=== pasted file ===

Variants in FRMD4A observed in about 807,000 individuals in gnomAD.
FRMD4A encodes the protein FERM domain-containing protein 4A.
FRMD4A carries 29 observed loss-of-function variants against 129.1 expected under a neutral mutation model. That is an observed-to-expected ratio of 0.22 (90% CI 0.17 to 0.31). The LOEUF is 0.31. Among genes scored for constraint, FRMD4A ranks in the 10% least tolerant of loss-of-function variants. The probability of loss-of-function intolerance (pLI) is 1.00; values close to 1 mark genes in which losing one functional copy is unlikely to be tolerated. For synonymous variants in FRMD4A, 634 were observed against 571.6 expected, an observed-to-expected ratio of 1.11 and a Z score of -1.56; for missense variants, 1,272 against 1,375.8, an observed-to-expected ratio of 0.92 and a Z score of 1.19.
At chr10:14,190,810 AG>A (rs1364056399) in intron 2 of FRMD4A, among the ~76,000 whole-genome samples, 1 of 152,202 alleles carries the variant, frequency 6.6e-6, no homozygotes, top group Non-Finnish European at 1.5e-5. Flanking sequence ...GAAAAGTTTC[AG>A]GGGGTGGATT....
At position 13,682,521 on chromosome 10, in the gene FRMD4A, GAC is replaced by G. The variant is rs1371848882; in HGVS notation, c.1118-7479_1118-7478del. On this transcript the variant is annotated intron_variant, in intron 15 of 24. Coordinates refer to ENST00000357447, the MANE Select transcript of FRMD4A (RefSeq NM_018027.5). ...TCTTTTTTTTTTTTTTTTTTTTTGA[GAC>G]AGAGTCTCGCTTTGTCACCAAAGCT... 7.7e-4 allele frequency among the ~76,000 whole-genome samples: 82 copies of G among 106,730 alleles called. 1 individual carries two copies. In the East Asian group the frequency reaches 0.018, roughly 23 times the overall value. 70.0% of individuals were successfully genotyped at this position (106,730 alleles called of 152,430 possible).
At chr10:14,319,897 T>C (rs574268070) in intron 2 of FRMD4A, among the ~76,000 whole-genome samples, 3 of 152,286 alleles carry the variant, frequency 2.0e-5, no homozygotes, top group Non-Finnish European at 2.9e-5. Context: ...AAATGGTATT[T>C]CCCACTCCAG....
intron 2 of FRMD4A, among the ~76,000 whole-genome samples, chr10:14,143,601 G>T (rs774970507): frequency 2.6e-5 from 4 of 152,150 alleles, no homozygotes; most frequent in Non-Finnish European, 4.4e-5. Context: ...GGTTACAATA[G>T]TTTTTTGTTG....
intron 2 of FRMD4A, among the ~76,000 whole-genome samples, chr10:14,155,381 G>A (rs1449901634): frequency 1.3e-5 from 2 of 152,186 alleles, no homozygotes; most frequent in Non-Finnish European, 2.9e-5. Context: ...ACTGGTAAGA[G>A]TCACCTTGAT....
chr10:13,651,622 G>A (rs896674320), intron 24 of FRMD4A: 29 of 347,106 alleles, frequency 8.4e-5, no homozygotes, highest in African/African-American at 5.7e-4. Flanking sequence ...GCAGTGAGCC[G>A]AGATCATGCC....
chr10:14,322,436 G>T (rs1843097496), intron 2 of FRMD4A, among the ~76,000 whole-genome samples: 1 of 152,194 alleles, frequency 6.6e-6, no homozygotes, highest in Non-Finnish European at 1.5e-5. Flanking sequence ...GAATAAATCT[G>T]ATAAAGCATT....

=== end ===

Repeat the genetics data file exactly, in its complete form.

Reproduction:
Variants in FRMD4A observed in about 807,000 individuals in gnomAD.
FRMD4A encodes the protein FERM domain-containing protein 4A.
FRMD4A carries 29 observed loss-of-function variants against 129.1 expected under a neutral mutation model. That is an observed-to-expected ratio of 0.22 (90% CI 0.17 to 0.31). The LOEUF is 0.31. Among genes scored for constraint, FRMD4A ranks in the 10% least tolerant of loss-of-function variants. The probability of loss-of-function intolerance (pLI) is 1.00; values close to 1 mark genes in which losing one functional copy is unlikely to be tolerated. For synonymous variants in FRMD4A, 634 were observed against 571.6 expected, an observed-to-expected ratio of 1.11 and a Z score of -1.56; for missense variants, 1,272 against 1,375.8, an observed-to-expected ratio of 0.92 and a Z score of 1.19.
At chr10:14,190,810 AG>A (rs1364056399) in intron 2 of FRMD4A, among the ~76,000 whole-genome samples, 1 of 152,202 alleles carries the variant, frequency 6.6e-6, no homozygotes, top group Non-Finnish European at 1.5e-5. Flanking sequence ...GAAAAGTTTC[AG>A]GGGGTGGATT....
At position 13,682,521 on chromosome 10, in the gene FRMD4A, GAC is replaced by G. The variant is rs1371848882; in HGVS notation, c.1118-7479_1118-7478del. On this transcript the variant is annotated intron_variant, in intron 15 of 24. Coordinates refer to ENST00000357447, the MANE Select transcript of FRMD4A (RefSeq NM_018027.5). ...TCTTTTTTTTTTTTTTTTTTTTTGA[GAC>G]AGAGTCTCGCTTTGTCACCAAAGCT... 7.7e-4 allele frequency among the ~76,000 whole-genome samples: 82 copies of G among 106,730 alleles called. 1 individual carries two copies. In the East Asian group the frequency reaches 0.018, roughly 23 times the overall value. 70.0% of individuals were successfully genotyped at this position (106,730 alleles called of 152,430 possible).
At chr10:14,319,897 T>C (rs574268070) in intron 2 of FRMD4A, among the ~76,000 whole-genome samples, 3 of 152,286 alleles carry the variant, frequency 2.0e-5, no homozygotes, top group Non-Finnish European at 2.9e-5. Context: ...AAATGGTATT[T>C]CCCACTCCAG....
intron 2 of FRMD4A, among the ~76,000 whole-genome samples, chr10:14,143,601 G>T (rs774970507): frequency 2.6e-5 from 4 of 152,150 alleles, no homozygotes; most frequent in Non-Finnish European, 4.4e-5. Context: ...GGTTACAATA[G>T]TTTTTTGTTG....
intron 2 of FRMD4A, among the ~76,000 whole-genome samples, chr10:14,155,381 G>A (rs1449901634): frequency 1.3e-5 from 2 of 152,186 alleles, no homozygotes; most frequent in Non-Finnish European, 2.9e-5. Context: ...ACTGGTAAGA[G>A]TCACCTTGAT....
chr10:13,651,622 G>A (rs896674320), intron 24 of FRMD4A: 29 of 347,106 alleles, frequency 8.4e-5, no homozygotes, highest in African/African-American at 5.7e-4. Flanking sequence ...GCAGTGAGCC[G>A]AGATCATGCC....
chr10:14,322,436 G>T (rs1843097496), intron 2 of FRMD4A, among the ~76,000 whole-genome samples: 1 of 152,194 alleles, frequency 6.6e-6, no homozygotes, highest in Non-Finnish European at 1.5e-5. Flanking sequence ...GAATAAATCT[G>T]ATAAAGCATT....